How Long Is The Lien Effective?
Once a mechanic’s lien has been recorded in the office of the county recorder, it will remain effective for six months. In order to prevent the lien from expiring, the lien claimant must file a lawsuit to foreclose the lien before that deadline expires. In addition to filing the lawsuit, the lien claimant must record an additional document in the office of the county recorder, known as a “Notice of Pendency of Action” or “Lis Pendens.” This document becomes a public record to let everyone know that there is a pending lawsuit that may affect the title to that real estate. If a lien claimant doesn’t file a lien foreclosure lawsuit within six months after the mechanic’s lien is recorded, the lien will expire and the contractor or supplier will lose all its lien rights. Similarly, if the Notice of Pendency of Action/Lis Pendens is not recorded in a timely manner, the lien rights will also be nullified.
Will My Arizona Lien Have Priority Over Preexisting Mortgages Or Construction Loans?
Under Arizona law, the default position is that recorded documents (such as mechanics liens, mortgages, deeds of trust, etc.) will have priority based on the order in which they were recorded. For example, a mortgage recorded in 2013 will have priority over a home equity loan recorded in 2014. This is generally known as “first-in-time” priority. However, under Arizona’s lien statutes, there are a couple exceptions to this default rule. First, a mechanic’s lien typically will be recorded only after a contractor has been working on a project for a while — often a period of several months. However, the mechanic’s lien, whenever it is recorded, will be given priority based on the date that the contractor first started working on the project, even though the lien wasn’t recorded until several months later. A second exception is that construction loans are given a ten-day grace period to have priority over mechanic’s liens. In other words, if a construction loan is recorded within the ten-day period after work started on the project, then that construction loan will have priority over any mechanic’s liens. As a practical matter, almost every bank or construction lender will require documents to be signed by the project owner and contractor that state that all mechanic’s liens will be subordinate to the construction loan.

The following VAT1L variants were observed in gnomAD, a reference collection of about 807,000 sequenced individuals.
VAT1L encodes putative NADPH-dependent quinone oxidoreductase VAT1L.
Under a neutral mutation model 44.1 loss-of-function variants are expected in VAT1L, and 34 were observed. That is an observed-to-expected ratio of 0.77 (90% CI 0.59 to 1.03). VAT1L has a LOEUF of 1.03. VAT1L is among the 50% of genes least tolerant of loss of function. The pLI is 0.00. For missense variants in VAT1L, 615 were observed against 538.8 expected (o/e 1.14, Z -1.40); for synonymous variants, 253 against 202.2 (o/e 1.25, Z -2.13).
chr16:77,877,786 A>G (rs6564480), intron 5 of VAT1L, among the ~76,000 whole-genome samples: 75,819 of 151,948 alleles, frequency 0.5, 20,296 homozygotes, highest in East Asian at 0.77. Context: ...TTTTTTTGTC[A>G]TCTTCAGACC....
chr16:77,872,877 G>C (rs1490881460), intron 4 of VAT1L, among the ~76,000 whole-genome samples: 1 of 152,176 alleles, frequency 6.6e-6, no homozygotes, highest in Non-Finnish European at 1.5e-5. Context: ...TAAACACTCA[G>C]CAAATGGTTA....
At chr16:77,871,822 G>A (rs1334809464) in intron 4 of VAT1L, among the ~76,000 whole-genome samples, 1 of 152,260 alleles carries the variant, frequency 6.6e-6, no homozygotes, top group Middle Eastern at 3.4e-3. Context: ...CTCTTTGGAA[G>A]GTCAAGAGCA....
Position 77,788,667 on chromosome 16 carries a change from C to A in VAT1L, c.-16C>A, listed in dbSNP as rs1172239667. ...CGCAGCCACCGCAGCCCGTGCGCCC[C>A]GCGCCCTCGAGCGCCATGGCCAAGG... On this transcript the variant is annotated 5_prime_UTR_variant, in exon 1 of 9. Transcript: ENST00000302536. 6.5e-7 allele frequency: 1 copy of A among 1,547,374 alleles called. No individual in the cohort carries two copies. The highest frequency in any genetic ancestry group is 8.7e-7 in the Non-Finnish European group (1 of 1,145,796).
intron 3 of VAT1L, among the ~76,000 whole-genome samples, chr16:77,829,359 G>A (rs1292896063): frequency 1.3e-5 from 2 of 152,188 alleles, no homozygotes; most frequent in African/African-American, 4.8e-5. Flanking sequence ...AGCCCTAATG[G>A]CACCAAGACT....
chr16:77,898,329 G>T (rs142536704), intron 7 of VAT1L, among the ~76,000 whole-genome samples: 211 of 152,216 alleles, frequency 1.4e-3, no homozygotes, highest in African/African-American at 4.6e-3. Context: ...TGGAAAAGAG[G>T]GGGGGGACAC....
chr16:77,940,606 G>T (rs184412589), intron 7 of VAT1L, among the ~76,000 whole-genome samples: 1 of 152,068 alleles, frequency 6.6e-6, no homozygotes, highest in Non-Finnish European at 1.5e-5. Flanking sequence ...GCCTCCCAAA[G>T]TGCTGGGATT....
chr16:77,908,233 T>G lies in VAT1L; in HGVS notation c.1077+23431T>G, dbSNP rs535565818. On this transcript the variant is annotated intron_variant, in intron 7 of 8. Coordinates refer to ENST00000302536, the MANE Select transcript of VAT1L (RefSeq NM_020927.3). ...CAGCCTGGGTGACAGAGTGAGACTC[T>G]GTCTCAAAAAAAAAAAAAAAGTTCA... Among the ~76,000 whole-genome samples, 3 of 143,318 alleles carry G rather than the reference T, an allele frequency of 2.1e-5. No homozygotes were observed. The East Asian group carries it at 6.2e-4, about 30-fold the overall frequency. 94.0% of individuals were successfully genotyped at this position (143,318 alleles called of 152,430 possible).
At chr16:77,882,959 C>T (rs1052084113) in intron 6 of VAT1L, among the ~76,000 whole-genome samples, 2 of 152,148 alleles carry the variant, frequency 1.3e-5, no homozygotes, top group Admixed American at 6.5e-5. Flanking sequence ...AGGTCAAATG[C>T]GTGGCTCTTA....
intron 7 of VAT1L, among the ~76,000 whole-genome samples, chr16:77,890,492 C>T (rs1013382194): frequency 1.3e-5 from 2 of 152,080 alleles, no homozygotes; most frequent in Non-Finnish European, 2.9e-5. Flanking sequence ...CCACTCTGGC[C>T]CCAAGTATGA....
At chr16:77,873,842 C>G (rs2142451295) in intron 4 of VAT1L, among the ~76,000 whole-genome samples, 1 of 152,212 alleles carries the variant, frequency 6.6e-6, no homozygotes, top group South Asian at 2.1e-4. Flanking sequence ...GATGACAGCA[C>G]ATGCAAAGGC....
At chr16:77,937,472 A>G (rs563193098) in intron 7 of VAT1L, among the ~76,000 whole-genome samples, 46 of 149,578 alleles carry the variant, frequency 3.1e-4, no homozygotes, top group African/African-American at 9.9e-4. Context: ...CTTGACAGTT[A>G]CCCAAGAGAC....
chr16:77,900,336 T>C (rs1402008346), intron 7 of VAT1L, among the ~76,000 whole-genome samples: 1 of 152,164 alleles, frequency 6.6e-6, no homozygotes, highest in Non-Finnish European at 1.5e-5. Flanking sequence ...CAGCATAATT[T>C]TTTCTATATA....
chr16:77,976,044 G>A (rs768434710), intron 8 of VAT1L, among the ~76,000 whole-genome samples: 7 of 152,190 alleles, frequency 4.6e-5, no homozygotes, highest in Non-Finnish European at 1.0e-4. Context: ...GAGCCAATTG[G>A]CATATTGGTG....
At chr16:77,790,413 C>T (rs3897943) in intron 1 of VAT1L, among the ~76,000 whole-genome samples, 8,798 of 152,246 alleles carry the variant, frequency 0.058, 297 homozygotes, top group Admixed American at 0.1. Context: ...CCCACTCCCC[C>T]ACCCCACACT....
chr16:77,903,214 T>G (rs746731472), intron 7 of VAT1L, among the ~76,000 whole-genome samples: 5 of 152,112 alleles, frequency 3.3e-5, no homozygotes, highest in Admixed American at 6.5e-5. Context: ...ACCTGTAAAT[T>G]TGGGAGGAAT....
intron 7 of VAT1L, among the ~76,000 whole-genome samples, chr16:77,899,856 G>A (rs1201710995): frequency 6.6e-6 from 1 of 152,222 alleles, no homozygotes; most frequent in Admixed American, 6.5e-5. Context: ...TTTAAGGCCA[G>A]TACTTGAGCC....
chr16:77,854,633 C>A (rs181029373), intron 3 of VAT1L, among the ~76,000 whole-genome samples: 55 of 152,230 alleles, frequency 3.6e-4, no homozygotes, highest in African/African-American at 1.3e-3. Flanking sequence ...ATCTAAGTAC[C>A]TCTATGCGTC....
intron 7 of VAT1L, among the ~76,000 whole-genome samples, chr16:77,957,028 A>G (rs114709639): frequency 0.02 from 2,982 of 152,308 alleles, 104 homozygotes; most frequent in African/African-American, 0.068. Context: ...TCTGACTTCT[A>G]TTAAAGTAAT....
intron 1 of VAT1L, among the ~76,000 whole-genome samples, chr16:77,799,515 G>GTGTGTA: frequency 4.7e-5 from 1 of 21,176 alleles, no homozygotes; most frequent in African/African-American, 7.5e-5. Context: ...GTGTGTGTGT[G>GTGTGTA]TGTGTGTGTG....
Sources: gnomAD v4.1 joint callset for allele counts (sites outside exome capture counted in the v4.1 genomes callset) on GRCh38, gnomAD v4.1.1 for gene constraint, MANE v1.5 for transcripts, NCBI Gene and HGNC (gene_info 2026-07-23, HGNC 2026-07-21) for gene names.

What Is A Stop Notice?
Unlike a mechanic’s lien, a stop notice is not a claim against underlying land but is instead a claim against the construction funds, which gives the contractor or supplier the right to put a hold on the construction loan or other designated project funds based on their claim of not having been paid.
In What Types Of Projects Can A Stop Notice Be Served?
A stop notice can be served only on private projects. Public projects (i.e., those financed by the government) are almost always required to be covered by a payment bond. Those bonds will be the mechanism to ensure payment to those providing labor and materials to the project, and mechanic’s lien and stop notices will not be available.
Who Can Serve A Stop Notice?
A stop notice can be issued by anyone who would have the right to assert a mechanic’s lien claim. That means anyone who is providing labor, materials, or equipment to the project who either has a direct contract with the owner of the project, is a subcontractor to that prime contractor, or who is a supplier or sub-subcontractor to a subcontractor, is protected by stop notice laws. All those people have a right to serve a stop notice but if you go lower than that, such as a supplier to a subcontractor, they do not have a right to do a stop notice or a mechanic’s lien.
Do I Need To Serve A Preliminary Notice In Order To Serve A Stopped Payment?
A Preliminary Twenty-Day Lien Notice is required to pursue a stop notice claim. As with a mechanic’s lien, the Preliminary Twenty-Day Lien Notice should be sent to relevant parties within 20 days of when the claimant first provided labor, materials or equipment to the project. However, even if they miss that deadline, if they send the Preliminary Twenty-Day Lien Notice as soon as possible, then they will have stop notice rights (or lien or bond rights) for any work that was done within twenty days before that preliminary 20 day lien notice was sent, and going forward in the project from there.
For more information on Filing A Mechanic’s Lien In Arizona, an initial consultation is your next best step. Get the information and legal answers you are seeking by calling 1-480-582-1287 today.